The collapse of the Morandi bridge in Genoa, Italy, was a sudden thing. One moment, a bridge; the next moment, no bridge. One moment, cars were rolling peacefully across the motorway structure in the daily routine; the next moment, chaos, rubble and the roiling clouds of dust which would soon reveal some 43 dead in the latest infrastructure failure to strike the West.
Reports of a “sudden” collapse were accurate, as far as they went. That is how the event appeared to occur. But disasters such as this do not happen overnight. They are years in the making. The structural faults and weaknesses, compounded by shocks, erosion and rust, take their toll only after long periods of neglect. Inspection lags, insufficient funding for repairs, official dithering, and that old standby of public harm — corruption — are the slow-acting culprits behind the “sudden” collapse.
Indeed, the search for blame in Italy commenced almost simultaneously with the search for victims.
It turned out that the bridge had known problems. In fact, some of those problems were being attended to at the time of the disaster last Tuesday, even as a repair team was at work shoring up its foundations.
An engineering assessment last February determined that corrosion of the metal cables supporting the bridge had reduced its strength by 20 percent. The Italian newspaper Espresso said that this alone would not account for the collapse, but given other “known defects of the Morandi Bridge, it should have merited swifter, more decisive action.”
Yet, the paper noted, “neither the ministry, nor the highway company ever considered it necessary to limit traffic, divert heavy trucks, reduce the roadway from two to one lanes or reduce the speed,” precautions that could have mitigated — if not prevented — the fatal event.
Former transport minister Graziano Delrio denied responsibility, telling a news conference that “no one ever signalled the necessity of limiting traffic” on the bridge.
Giovanni Castelluci, the head of Autostrade per l’Italia, which is in charge of the bridge’s maintenance, claimed that inspections carried out prior to the collapse found the bridge in good condition. Just the same, he gave his support to a formal inquiry, calling it “the first priority.”
Whether these denials will stand the test of investigative scrutiny remains to be seen. Expresso contended unequivocally that “everyone was well aware of the situation on that bridge.”
Indeed, the policy at this point seems to be guilty until proven innocent. In the face of public outrage, the Italian government leapt into action, initiating legal proceedings against Autostrade to strip the company of its contracts.
Autostrade head Giovanni Castelluci promised millions of euros for victims’ families, plus funding for the relocation of local residents who had to be moved due to the threat of further collapse of what remains standing at Morandi.
As for the future of Italy’s infrastructure, there were official promises that companies which were granted concessions would be required to invest a healthier chunk of their profits in maintenance and repair.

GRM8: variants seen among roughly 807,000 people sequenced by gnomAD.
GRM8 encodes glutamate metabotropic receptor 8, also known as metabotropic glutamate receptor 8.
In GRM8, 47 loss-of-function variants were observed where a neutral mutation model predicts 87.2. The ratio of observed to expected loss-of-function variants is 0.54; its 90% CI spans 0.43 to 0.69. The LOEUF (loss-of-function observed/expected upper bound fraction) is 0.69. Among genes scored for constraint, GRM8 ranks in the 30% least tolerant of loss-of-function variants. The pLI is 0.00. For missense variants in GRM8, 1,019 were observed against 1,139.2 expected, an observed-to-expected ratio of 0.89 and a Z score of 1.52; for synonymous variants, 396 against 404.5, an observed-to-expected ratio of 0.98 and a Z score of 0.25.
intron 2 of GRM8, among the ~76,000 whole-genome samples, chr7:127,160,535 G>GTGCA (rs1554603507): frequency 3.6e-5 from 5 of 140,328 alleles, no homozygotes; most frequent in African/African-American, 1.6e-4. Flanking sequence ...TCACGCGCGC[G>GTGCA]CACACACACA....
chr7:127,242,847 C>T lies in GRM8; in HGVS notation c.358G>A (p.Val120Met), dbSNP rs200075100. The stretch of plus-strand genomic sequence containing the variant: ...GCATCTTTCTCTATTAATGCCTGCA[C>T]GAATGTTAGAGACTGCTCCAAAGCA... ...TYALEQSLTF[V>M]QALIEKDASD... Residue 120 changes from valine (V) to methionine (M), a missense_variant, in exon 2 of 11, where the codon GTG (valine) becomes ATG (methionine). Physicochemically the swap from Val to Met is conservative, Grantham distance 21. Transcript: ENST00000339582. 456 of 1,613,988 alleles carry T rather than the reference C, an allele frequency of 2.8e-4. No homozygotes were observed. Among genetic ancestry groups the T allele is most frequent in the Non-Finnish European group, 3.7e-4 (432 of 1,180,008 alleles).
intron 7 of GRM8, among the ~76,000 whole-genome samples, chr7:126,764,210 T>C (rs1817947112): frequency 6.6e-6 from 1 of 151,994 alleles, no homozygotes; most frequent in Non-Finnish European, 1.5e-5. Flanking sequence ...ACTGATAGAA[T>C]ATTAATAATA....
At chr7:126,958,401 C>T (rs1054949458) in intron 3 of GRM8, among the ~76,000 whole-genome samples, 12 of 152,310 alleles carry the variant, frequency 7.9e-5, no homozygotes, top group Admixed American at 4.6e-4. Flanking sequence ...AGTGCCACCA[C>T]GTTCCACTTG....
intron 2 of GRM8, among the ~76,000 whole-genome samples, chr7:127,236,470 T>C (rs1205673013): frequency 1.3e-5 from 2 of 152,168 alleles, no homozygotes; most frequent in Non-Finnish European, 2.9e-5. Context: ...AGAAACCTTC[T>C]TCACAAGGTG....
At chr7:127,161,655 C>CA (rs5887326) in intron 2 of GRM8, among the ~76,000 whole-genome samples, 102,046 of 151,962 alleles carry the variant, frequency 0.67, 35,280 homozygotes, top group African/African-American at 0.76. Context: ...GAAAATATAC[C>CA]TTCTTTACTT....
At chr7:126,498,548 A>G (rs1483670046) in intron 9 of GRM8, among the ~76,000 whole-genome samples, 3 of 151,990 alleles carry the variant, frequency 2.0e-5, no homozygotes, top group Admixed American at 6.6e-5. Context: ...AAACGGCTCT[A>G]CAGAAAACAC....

As for the future of infrastructure in other countries, the Italian experience cannot be waved away as unfortunate but far enough from home to be safely ignored. The same problems plague the public works of the rest of Europe and here in the United States as well. These slow-acting culprits are ready to strike suddenly in a long list of places.
In its most recent report, the American Society of Civil Engineers (ASCE) gave the national infrastructure alarmingly low grades for fitness: a D+ overall for America’s bridges, roads, dams and power grids.
Calls for a trillion-dollar infrastructure program may sound generous, but they’re dwarfed by the ASCE estimate that the country would have to invest $4.59 trillion by 2025 to raise its grade to “an adequate B-,” which translates to about $2 trillion higher than current funding levels. (New York and New Jersey received grades of D and D+ respectively.)
In the 2016 presidential campaign, the one issue uniting Republicans and Democrats was infrastructure. Yet, despite the election-year enthusiasm for a spending program that would provide badly-needed upgrades and a major economic stimulus, the national overhaul languishes, a great notion but falling somewhere short of becoming a reality.
The price tag for the national fix has Washington stymied. The Trump administration has reportedly been eyeing a federal gas tax hike to help pay for a proposed $1.5-trillion infrastructure upgrade, while Senate Democrats have been murmuring about repeal of some tax cuts approved in December. Republicans aren’t exactly standing in line to voice support for higher gas taxes either.
Reuters quoted Congressional aides saying recently that passage of an infrastructure package would probably have to wait for November elections and “a glut of issues on the calendar.” Pragmatics snatch infrastructure from the arms of urgency.
In the meantime, whatever may impede federal action, this does not exempt the states from moving forward in this matter. More than 80 percent of local streets are ineligible for federal funding anyway. States and cities cannot and should not wait for Washington.
It is said that in democracies expensive solutions to major problems are only found and implemented after some disaster or emergency. Let the Morandi bridge collapse be a sufficient wake-up call for Italy, the United States and all the other countries where aging infrastructure threatens the public safety.